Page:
Hard Puzzle 4: The Ballad of Bob and Cheryl, by Ade

“Hard Puzzle 4” was actually near the top of my randomly-generated review queue. It’s a clever, well-crafted game, and my reluctance to spoil it with hints or walkthroughs has caused me to push it further down the stack several times.

Gameplay: As the title implies, the game is a difficult puzzlefest with a complicated overarching puzzle. The game strikes a balance between difficulty and approachability; although its main puzzle is very involved, it’s something that the player can approach and experiment with (as in, for example, the babel fish puzzle from Infocom’s Hitchhiker’s Guide to the Galaxy game), instead of something that requires a single flash of insight 7/10.

Mechanics: The puzzles (or components of the main puzzle) are legitimately difficult, and solving them is satisfying accordingly. The game provides debugging verbs to the player, and my expectation on starting the game was that they would be the single mechanic behind the game’s solution; it’s actually much more complicated than that. 8/10.

Presentation: The game is a puzzlefest with strong puzzles, and it’s worth the time it takes to solve. Using the debugging verbs is a clunkier than it needs to be (e.g., handling the exit command), but gameplay is largely smooth. The one significant problem I found was a crash caused by commanding a character to take a certain action with the stool in the game. (Although it’s related to the ostensible debugging verbs of the game, I don’t think it was deliberate.) 6/10.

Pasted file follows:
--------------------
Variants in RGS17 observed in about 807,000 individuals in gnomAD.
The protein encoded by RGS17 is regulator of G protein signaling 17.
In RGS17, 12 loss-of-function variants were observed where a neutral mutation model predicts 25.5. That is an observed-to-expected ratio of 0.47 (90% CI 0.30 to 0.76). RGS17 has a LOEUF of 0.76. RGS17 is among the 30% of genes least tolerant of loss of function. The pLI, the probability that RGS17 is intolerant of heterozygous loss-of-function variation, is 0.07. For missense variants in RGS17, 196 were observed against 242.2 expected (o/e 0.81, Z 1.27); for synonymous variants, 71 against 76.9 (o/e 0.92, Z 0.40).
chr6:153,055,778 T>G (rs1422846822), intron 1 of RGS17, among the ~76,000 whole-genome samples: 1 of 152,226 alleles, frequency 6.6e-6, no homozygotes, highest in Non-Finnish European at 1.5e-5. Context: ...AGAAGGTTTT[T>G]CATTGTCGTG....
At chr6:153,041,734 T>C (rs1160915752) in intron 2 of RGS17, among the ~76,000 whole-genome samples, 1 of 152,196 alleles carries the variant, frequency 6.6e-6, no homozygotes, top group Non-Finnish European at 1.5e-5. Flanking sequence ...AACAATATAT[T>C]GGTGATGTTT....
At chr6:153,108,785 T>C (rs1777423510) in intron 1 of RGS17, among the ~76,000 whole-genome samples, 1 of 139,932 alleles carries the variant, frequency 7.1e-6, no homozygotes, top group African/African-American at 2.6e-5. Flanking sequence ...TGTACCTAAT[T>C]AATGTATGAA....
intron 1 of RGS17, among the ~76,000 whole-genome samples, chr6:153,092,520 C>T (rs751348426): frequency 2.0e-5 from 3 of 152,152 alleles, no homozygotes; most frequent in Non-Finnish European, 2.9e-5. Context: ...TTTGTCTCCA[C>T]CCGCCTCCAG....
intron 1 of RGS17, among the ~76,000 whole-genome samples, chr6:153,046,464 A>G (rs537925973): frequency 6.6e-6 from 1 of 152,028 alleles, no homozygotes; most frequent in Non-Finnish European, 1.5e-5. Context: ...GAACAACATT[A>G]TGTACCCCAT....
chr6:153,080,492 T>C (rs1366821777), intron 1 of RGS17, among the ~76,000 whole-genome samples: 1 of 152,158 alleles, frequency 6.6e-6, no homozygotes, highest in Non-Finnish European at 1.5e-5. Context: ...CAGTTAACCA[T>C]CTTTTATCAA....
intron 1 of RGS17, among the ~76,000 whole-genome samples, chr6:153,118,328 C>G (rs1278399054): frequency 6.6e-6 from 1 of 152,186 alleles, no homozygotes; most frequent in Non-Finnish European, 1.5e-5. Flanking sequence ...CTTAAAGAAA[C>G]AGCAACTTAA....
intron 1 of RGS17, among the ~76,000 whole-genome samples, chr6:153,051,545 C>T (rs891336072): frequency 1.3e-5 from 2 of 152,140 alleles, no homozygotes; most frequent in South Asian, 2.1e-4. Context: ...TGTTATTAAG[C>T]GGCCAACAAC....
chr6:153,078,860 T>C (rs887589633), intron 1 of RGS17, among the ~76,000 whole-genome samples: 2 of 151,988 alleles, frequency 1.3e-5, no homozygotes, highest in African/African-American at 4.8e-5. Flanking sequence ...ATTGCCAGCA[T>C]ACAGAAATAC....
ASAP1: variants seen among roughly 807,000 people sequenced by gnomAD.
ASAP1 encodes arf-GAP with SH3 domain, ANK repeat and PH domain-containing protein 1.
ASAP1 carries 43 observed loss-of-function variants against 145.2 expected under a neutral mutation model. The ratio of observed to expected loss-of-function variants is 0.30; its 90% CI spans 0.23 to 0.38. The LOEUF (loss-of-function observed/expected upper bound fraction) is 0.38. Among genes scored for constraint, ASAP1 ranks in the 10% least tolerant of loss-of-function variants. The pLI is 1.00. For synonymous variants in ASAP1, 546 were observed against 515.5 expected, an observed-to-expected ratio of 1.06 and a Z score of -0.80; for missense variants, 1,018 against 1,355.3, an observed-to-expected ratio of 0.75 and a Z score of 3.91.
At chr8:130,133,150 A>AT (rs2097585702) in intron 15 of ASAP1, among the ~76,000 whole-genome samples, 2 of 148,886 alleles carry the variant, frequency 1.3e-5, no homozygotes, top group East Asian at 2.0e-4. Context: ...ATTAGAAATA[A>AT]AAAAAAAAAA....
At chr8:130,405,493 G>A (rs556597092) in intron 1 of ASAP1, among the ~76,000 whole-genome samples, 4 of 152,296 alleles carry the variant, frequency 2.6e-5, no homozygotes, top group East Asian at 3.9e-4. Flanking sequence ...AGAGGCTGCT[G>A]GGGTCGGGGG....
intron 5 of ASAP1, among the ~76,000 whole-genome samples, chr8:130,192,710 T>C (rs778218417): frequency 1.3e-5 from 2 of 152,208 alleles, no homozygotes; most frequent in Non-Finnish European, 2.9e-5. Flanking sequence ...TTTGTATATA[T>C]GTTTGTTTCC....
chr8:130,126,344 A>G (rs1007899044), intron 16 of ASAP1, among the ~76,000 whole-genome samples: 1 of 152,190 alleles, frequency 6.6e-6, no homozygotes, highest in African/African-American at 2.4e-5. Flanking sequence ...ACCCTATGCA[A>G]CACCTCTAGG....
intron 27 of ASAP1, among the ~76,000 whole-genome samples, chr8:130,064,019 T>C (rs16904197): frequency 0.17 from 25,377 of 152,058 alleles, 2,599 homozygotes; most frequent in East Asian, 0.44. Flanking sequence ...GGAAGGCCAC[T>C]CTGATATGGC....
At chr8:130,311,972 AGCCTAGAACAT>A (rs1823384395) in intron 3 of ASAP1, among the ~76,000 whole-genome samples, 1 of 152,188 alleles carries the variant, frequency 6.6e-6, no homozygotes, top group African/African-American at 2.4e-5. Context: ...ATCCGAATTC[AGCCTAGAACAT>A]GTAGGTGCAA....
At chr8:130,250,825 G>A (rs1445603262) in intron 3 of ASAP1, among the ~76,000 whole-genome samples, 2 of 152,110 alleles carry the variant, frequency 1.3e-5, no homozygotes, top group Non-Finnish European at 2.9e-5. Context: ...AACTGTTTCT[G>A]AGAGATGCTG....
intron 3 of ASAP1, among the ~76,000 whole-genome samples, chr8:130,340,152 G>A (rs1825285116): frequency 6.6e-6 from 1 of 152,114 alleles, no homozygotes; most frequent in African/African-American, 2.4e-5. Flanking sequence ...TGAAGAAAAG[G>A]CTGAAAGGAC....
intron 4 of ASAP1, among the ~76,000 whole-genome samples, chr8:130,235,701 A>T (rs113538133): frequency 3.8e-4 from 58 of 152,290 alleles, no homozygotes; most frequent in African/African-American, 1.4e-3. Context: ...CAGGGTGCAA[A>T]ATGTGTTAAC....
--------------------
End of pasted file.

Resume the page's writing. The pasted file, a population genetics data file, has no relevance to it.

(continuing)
You might be interested in this game if: You’ve played the other games in the Hard Puzzle series.

Score: 7

Island in the Storm, by JSMaika

Making an IF parser is a large and difficult programming task. “Island in the Storm” uses a custom system, IntFicPy, that’s far more promising than most I’ve encountered, and I look forward to the author’s continuing development on it.

Gameplay: The game is a conventional, puzzle-heavy adventure. Gameplay is solid, but the main focus of the game is showing off its engine. Unlike most custom parsers, the author’s system is up to the task. The game is reasonably complex, and the system has the necessary features to handle the game’s complications successfully. “Island in the Storm” is not as ambitious or polished as, say, “Curses” as a proof of concept for the system, but it’s an enjoyable game with a solid implementation. 6/10.